Obama’s planned 2013 regs would cost more than $130B, study says

The Obama administration’s newly detailed rule-making agenda for the coming year would cost in excess of $130 billion to implement, according to a conservative-leaning group that tracks regulations.

The American Action Forum (AAF) review follows the administration’s belated release last week of its spring Unified Agenda, a document that is traditionally issued twice annually and contains updates for hundreds of rules in the pipelines at federal agencies.

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Again this year, the administration plans to pump out many new rules in financial and healthcare sectors in accordance with the landmark Dodd-Frank Wall Street reform law and Affordable Care Act (ACA).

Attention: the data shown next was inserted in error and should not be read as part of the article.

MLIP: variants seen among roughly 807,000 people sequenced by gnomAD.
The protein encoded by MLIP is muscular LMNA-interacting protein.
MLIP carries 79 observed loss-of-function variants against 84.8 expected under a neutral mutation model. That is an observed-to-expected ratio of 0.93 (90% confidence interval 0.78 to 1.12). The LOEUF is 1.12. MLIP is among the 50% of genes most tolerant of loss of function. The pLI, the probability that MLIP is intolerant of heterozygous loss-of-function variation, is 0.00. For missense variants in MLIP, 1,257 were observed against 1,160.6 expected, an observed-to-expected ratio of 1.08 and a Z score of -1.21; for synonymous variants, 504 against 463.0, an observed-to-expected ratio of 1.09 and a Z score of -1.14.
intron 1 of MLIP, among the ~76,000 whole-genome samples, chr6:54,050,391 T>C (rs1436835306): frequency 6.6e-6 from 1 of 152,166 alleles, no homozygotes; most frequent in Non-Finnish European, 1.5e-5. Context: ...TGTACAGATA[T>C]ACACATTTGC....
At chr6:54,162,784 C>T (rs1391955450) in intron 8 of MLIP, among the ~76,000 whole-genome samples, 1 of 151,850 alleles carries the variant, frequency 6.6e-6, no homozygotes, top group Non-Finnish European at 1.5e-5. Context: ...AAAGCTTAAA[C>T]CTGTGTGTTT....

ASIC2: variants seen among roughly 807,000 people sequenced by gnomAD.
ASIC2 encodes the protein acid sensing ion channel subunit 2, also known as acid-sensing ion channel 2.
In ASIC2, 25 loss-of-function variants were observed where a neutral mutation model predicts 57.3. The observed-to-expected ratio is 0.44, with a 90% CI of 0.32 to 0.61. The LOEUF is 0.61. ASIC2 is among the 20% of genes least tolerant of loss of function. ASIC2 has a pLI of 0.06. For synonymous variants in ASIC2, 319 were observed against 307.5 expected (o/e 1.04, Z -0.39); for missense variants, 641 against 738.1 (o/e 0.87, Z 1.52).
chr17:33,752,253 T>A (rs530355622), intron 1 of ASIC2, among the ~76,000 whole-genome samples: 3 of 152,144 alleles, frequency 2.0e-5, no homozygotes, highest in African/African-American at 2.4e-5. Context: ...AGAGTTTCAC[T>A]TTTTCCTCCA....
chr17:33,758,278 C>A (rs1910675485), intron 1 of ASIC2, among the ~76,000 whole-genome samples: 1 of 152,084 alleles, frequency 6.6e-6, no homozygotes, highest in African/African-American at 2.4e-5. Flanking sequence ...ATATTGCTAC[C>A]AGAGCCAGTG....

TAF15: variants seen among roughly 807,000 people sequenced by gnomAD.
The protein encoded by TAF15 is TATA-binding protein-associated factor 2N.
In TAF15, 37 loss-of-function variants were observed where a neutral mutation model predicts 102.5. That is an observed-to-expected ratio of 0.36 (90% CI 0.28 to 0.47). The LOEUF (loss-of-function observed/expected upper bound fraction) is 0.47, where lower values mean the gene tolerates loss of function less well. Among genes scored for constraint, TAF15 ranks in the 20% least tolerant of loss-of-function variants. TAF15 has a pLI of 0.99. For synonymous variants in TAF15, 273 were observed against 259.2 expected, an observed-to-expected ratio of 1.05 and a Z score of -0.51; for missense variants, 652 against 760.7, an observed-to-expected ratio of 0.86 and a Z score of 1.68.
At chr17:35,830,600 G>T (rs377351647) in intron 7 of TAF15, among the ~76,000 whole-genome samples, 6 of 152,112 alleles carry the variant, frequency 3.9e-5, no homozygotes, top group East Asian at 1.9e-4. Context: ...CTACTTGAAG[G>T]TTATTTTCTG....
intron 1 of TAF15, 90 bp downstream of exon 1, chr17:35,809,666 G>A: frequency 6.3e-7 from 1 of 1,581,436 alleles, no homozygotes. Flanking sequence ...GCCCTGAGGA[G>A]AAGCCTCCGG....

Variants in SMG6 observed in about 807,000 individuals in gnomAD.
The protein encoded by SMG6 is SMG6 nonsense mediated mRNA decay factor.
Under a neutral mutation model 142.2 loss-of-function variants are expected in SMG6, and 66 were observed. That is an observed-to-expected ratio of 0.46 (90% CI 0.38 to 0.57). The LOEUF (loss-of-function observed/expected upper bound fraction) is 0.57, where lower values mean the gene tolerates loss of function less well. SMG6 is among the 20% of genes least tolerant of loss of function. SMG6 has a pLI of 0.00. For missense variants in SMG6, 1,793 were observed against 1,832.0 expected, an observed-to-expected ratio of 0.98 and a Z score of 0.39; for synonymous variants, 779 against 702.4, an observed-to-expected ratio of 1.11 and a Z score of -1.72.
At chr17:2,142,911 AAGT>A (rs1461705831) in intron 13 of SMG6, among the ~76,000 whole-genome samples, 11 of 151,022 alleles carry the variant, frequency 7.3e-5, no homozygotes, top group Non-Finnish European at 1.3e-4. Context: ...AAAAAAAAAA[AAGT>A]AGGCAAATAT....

President Obama has also directed the Environmental Protection Agency to tackle the effects of climate change by curbing emissions from new and existing power plants, among other measures.

AAF looked at 40 major planned rules, and calculated a corresponding $133 billion price tag, the group said.

Highlights include:

•    More than $2.6 billion to bring the ACA’s healthcare exchanges online.
•    $5.5 billion for long-stalled regulations limiting worker exposure to harmful silica dust.
•    More than $6 billion to implement a sweeping food safety overhaul.
•    $210 million to enact new rules to rein in security swap dealers.

In total, the group identified 18 new major rules — those with an economic impact in excess of $100 million — in the spring agenda. American Action Forum is led by economist Douglas Holtz-Eakin, former director of the nonpartisan Congressional Budget Office.